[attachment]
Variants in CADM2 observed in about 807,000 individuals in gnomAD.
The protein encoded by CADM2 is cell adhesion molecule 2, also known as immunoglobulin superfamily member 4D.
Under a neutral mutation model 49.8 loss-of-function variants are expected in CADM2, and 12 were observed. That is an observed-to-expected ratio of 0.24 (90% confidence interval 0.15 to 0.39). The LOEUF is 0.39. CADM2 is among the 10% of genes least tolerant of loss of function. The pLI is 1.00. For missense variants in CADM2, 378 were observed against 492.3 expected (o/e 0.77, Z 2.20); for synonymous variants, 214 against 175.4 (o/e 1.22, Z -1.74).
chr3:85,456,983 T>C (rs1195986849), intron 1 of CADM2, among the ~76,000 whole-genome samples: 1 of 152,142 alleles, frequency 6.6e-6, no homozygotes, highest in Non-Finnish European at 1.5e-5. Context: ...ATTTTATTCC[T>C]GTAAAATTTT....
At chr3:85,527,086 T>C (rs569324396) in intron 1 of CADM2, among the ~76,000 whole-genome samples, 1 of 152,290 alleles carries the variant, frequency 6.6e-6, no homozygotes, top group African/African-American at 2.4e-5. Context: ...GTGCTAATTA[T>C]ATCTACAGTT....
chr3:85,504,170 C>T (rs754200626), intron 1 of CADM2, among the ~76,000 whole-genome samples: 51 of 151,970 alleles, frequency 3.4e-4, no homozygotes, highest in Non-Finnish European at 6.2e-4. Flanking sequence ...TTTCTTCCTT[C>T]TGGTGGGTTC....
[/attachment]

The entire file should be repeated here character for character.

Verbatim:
Variants in CADM2 observed in about 807,000 individuals in gnomAD.
The protein encoded by CADM2 is cell adhesion molecule 2, also known as immunoglobulin superfamily member 4D.
Under a neutral mutation model 49.8 loss-of-function variants are expected in CADM2, and 12 were observed. That is an observed-to-expected ratio of 0.24 (90% confidence interval 0.15 to 0.39). The LOEUF is 0.39. CADM2 is among the 10% of genes least tolerant of loss of function. The pLI is 1.00. For missense variants in CADM2, 378 were observed against 492.3 expected (o/e 0.77, Z 2.20); for synonymous variants, 214 against 175.4 (o/e 1.22, Z -1.74).
chr3:85,456,983 T>C (rs1195986849), intron 1 of CADM2, among the ~76,000 whole-genome samples: 1 of 152,142 alleles, frequency 6.6e-6, no homozygotes, highest in Non-Finnish European at 1.5e-5. Context: ...ATTTTATTCC[T>C]GTAAAATTTT....
At chr3:85,527,086 T>C (rs569324396) in intron 1 of CADM2, among the ~76,000 whole-genome samples, 1 of 152,290 alleles carries the variant, frequency 6.6e-6, no homozygotes, top group African/African-American at 2.4e-5. Context: ...GTGCTAATTA[T>C]ATCTACAGTT....
chr3:85,504,170 C>T (rs754200626), intron 1 of CADM2, among the ~76,000 whole-genome samples: 51 of 151,970 alleles, frequency 3.4e-4, no homozygotes, highest in Non-Finnish European at 6.2e-4. Flanking sequence ...TTTCTTCCTT[C>T]TGGTGGGTTC....